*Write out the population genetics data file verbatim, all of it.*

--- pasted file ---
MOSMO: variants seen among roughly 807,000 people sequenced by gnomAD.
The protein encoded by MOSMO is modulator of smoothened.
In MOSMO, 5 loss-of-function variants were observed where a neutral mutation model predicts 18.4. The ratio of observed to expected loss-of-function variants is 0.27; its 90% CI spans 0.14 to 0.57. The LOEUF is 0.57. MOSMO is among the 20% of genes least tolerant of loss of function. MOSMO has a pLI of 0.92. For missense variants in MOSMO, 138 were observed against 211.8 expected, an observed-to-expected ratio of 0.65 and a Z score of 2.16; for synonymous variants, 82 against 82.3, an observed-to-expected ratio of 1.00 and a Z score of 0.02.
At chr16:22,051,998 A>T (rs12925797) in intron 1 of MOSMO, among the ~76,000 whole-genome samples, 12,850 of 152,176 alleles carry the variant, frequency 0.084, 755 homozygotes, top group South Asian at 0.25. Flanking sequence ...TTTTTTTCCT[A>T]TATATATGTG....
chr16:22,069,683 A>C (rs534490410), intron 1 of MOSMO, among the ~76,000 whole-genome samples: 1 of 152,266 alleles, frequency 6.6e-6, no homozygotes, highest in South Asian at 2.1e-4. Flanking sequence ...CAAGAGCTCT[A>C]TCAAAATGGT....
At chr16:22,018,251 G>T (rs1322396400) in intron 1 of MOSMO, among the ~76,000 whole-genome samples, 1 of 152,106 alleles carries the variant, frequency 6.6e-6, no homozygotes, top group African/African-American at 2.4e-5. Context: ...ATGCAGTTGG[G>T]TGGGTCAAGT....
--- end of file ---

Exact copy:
MOSMO: variants seen among roughly 807,000 people sequenced by gnomAD.
The protein encoded by MOSMO is modulator of smoothened.
In MOSMO, 5 loss-of-function variants were observed where a neutral mutation model predicts 18.4. The ratio of observed to expected loss-of-function variants is 0.27; its 90% CI spans 0.14 to 0.57. The LOEUF is 0.57. MOSMO is among the 20% of genes least tolerant of loss of function. MOSMO has a pLI of 0.92. For missense variants in MOSMO, 138 were observed against 211.8 expected, an observed-to-expected ratio of 0.65 and a Z score of 2.16; for synonymous variants, 82 against 82.3, an observed-to-expected ratio of 1.00 and a Z score of 0.02.
At chr16:22,051,998 A>T (rs12925797) in intron 1 of MOSMO, among the ~76,000 whole-genome samples, 12,850 of 152,176 alleles carry the variant, frequency 0.084, 755 homozygotes, top group South Asian at 0.25. Flanking sequence ...TTTTTTTCCT[A>T]TATATATGTG....
chr16:22,069,683 A>C (rs534490410), intron 1 of MOSMO, among the ~76,000 whole-genome samples: 1 of 152,266 alleles, frequency 6.6e-6, no homozygotes, highest in South Asian at 2.1e-4. Flanking sequence ...CAAGAGCTCT[A>C]TCAAAATGGT....
At chr16:22,018,251 G>T (rs1322396400) in intron 1 of MOSMO, among the ~76,000 whole-genome samples, 1 of 152,106 alleles carries the variant, frequency 6.6e-6, no homozygotes, top group African/African-American at 2.4e-5. Context: ...ATGCAGTTGG[G>T]TGGGTCAAGT....